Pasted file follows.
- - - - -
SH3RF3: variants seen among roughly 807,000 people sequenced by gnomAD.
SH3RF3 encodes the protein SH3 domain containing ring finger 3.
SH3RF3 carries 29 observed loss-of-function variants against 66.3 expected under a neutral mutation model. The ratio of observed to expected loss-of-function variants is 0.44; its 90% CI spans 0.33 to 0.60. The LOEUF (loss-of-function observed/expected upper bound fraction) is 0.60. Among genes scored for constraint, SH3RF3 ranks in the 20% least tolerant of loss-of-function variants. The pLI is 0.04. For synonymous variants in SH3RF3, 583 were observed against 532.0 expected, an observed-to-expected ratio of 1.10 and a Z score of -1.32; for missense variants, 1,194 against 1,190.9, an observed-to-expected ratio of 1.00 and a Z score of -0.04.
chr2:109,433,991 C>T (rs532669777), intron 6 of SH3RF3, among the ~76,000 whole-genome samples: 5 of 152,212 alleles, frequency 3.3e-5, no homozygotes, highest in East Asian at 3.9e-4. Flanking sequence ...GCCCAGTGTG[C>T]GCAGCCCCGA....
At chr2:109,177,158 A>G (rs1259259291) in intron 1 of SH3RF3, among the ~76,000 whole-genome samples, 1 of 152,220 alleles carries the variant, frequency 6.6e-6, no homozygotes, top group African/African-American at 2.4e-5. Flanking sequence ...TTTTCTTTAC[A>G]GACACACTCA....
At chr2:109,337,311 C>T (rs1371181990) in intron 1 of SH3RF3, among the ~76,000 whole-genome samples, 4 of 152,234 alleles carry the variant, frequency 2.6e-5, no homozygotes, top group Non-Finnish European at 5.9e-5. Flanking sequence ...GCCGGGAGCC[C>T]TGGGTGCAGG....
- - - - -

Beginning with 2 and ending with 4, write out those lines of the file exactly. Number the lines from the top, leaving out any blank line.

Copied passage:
SH3RF3 encodes the protein SH3 domain containing ring finger 3.
SH3RF3 carries 29 observed loss-of-function variants against 66.3 expected under a neutral mutation model. The ratio of observed to expected loss-of-function variants is 0.44; its 90% CI spans 0.33 to 0.60. The LOEUF (loss-of-function observed/expected upper bound fraction) is 0.60. Among genes scored for constraint, SH3RF3 ranks in the 20% least tolerant of loss-of-function variants. The pLI is 0.04. For synonymous variants in SH3RF3, 583 were observed against 532.0 expected, an observed-to-expected ratio of 1.10 and a Z score of -1.32; for missense variants, 1,194 against 1,190.9, an observed-to-expected ratio of 1.00 and a Z score of -0.04.
chr2:109,433,991 C>T (rs532669777), intron 6 of SH3RF3, among the ~76,000 whole-genome samples: 5 of 152,212 alleles, frequency 3.3e-5, no homozygotes, highest in East Asian at 3.9e-4. Flanking sequence ...GCCCAGTGTG[C>T]GCAGCCCCGA....